Reason #5 - John McCain's Seething Anger and Hostility
John McCain's volcanic temper is legendary, and the stories are legion.
As far back as 1999, the Arizona Republic newspaper took the startling step of writing:
"If McCain is truly a serious contender for the presidency, it is time the rest of the nation learned about the John McCain we know in Arizona.
"There is... reason to seriously question whether he has the temperament... we want in the next president of the United States."
Nine years later, in the '08 presidential debates with Democratic nominee Barack Obama, John McCain's seething anger was frighteningly evident.
Throughout the first debate, McCain exuded fierce hostility by smirking, belittling and condescending to Obama, and, incredibly, refusing to make eye contact with the senator from Illinois. Ever.
At the second debate, John McCain spoke almost constantly in snide, graceless tones and disdainful words, even dismissively assuming a under-40, African-American questioner had never heard of Fannie Mae and Freddie Mac.
For more, see McCain Fails to Change Minds: Too Little, Too Late, Too Odd.
And in the third '08 debate, McCain eventually descended back into condescension, ridicule and outright sneering, despite resisting the lure of his anger for the first thirty minutes of his last campaign forum with Barack Obama.
Wrote Ezra Klein at The American Prospect about the last debate:
"The most telling poll result from last night's debate was not the CBS survey of uncommitted voters that found Obama trouncing McCain, 53 percent to 22 percent. It was not a Fox News focus group conducted by conservative pollster Frank Luntz that decisively favored Obama.
"Rather, the most telling result was a subquestion asked in a poll conducted by CNN. 'Who spent more time attacking during the debate?' they asked. Seven percent said Barack Obama. Eighty percent said John McCain."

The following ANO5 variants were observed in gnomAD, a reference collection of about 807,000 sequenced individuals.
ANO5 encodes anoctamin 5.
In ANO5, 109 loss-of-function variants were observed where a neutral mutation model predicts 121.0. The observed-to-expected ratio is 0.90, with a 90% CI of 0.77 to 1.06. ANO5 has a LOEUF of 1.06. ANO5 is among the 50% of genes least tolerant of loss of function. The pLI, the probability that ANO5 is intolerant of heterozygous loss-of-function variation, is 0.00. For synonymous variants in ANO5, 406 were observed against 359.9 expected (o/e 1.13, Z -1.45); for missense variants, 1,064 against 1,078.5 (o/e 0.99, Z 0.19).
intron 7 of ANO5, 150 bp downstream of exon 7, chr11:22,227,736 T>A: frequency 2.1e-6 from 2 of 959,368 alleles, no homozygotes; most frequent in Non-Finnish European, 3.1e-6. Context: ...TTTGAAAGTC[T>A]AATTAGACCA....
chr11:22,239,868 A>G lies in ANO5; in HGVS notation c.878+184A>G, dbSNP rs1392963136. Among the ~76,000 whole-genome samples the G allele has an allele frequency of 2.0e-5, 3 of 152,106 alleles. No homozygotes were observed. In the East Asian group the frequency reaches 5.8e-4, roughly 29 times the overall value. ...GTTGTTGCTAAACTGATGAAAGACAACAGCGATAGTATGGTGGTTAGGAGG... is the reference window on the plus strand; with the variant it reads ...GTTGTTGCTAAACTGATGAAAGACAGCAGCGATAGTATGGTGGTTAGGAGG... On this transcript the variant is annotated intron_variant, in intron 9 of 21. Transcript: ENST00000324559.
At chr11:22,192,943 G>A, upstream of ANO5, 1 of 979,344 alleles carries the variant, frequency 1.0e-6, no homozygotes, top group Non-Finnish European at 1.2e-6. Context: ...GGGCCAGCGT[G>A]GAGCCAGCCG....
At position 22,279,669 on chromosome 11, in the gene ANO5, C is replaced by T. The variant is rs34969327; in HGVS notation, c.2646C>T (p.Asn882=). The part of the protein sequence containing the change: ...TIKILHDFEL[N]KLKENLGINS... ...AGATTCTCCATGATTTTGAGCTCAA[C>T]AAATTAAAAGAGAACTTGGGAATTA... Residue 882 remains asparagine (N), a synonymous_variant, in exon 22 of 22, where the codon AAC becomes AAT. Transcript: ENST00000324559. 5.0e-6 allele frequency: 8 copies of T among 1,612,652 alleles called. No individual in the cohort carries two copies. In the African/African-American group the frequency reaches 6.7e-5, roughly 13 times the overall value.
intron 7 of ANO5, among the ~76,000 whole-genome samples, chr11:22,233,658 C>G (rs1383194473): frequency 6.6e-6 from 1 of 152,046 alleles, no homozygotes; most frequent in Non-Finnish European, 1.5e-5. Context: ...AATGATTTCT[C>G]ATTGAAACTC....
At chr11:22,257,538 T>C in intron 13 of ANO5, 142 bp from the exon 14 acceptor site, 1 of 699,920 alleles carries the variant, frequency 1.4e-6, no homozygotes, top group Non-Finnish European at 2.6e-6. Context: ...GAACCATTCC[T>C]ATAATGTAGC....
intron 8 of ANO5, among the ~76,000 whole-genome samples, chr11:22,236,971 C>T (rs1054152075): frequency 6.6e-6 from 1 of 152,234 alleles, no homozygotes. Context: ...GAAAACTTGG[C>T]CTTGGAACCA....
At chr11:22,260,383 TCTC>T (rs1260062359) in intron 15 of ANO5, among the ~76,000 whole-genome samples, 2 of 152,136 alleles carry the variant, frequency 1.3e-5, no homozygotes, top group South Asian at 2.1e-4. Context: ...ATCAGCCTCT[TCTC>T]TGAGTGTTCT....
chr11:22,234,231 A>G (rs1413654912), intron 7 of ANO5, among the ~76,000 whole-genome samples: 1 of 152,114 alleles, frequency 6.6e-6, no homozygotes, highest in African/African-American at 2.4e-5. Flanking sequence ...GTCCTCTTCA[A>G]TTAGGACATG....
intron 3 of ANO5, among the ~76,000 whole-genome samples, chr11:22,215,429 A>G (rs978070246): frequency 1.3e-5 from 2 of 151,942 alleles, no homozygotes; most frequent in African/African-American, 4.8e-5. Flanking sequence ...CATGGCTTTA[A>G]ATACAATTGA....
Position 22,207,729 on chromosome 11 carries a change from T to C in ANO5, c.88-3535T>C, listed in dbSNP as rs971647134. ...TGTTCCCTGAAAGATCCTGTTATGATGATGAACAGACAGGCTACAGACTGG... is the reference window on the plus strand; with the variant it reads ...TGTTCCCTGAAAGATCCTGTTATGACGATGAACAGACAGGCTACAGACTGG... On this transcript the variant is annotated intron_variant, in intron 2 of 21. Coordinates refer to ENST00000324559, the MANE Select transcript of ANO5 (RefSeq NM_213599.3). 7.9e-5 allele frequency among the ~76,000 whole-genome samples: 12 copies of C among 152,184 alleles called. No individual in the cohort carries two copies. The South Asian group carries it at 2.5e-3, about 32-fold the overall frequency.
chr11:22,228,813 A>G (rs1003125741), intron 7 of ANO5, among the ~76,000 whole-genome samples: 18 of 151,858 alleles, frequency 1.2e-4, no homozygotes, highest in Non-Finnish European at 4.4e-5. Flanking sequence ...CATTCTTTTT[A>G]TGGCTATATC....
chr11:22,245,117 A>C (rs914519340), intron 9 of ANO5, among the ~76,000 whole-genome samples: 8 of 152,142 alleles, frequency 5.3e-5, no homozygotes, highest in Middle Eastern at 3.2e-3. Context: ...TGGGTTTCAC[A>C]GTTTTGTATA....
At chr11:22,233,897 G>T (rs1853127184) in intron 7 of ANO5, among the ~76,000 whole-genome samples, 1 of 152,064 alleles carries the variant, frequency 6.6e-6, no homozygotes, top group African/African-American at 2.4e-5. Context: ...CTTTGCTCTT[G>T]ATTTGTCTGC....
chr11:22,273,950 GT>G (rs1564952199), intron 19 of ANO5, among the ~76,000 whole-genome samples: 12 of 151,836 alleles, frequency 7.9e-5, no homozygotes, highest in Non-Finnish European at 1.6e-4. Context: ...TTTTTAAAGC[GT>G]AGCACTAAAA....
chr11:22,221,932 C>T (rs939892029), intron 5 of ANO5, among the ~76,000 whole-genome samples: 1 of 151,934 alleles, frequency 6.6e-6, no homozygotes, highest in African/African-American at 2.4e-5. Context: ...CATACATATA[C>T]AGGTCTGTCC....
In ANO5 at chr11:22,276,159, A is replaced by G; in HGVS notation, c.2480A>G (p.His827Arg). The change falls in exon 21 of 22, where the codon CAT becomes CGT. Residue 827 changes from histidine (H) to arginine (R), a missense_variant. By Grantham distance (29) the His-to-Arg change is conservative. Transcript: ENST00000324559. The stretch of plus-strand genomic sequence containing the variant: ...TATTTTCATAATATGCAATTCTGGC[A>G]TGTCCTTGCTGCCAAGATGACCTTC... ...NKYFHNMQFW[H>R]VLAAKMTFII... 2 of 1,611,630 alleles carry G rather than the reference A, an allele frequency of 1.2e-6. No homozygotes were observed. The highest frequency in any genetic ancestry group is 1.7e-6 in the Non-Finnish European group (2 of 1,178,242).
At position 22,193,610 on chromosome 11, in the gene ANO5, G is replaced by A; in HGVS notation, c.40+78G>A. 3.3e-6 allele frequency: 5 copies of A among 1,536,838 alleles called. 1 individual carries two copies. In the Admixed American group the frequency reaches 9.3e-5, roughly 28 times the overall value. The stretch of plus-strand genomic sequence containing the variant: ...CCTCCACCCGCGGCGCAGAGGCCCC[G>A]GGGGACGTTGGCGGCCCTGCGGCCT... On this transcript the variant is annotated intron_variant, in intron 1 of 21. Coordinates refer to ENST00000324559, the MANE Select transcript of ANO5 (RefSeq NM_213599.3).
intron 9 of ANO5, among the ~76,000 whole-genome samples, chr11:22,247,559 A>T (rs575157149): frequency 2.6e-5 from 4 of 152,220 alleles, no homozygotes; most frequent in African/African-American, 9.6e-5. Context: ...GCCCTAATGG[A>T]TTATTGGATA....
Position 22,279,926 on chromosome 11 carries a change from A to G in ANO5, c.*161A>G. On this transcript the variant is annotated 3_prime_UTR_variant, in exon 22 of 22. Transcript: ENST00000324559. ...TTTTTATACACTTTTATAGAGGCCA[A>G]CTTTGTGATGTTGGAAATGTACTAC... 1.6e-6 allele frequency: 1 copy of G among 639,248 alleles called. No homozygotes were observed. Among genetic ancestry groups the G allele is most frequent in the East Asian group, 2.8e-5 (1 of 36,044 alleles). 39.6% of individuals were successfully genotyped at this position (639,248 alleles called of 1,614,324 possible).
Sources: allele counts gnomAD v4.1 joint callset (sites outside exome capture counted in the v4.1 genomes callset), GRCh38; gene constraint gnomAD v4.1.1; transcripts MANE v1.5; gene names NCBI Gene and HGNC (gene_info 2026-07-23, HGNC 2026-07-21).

In sharp contrast during the debates, Barack Obama maintained a calm manner while rationally, thoughtfully sticking to policy discussions and arguments. Obama consistently shied away from personal attacks and the politics of mean-spirited destruction.
The American people are fed-up with the dishonest, contempuous politics of division of the past eight years, lead by George Bush, Dick Cheney, Donald Rumsfeld, Karl Rove and the like.
After the Republican convention, McCain has displayed a hostile public persona that feels similar to the snarly negativity and bunker mentality of the Bush administration.
At the same time, Obama has displayed an even-keel, quietly confident public persona.
The more McCain grimaced, contorted and frowned, and made weirdly disgusted faces and gestures during the debates, the more Obama comfortably smiled... and made viewers felt comforted by Obama's casual, hopeful countenance.
By all objective polls, John McCain lost all three debates, in large part, due to his deep, undisguisable anger.
Who Will Win the '08 Presidential Election?
Due ito these five important political factors, Barack Obama will most likely win the November 4, 2008 election.
Barring any catastrophes, disasters or unimaginable surprises...
(Also read Five Reasons Why Obama Will Win the '08 Election.)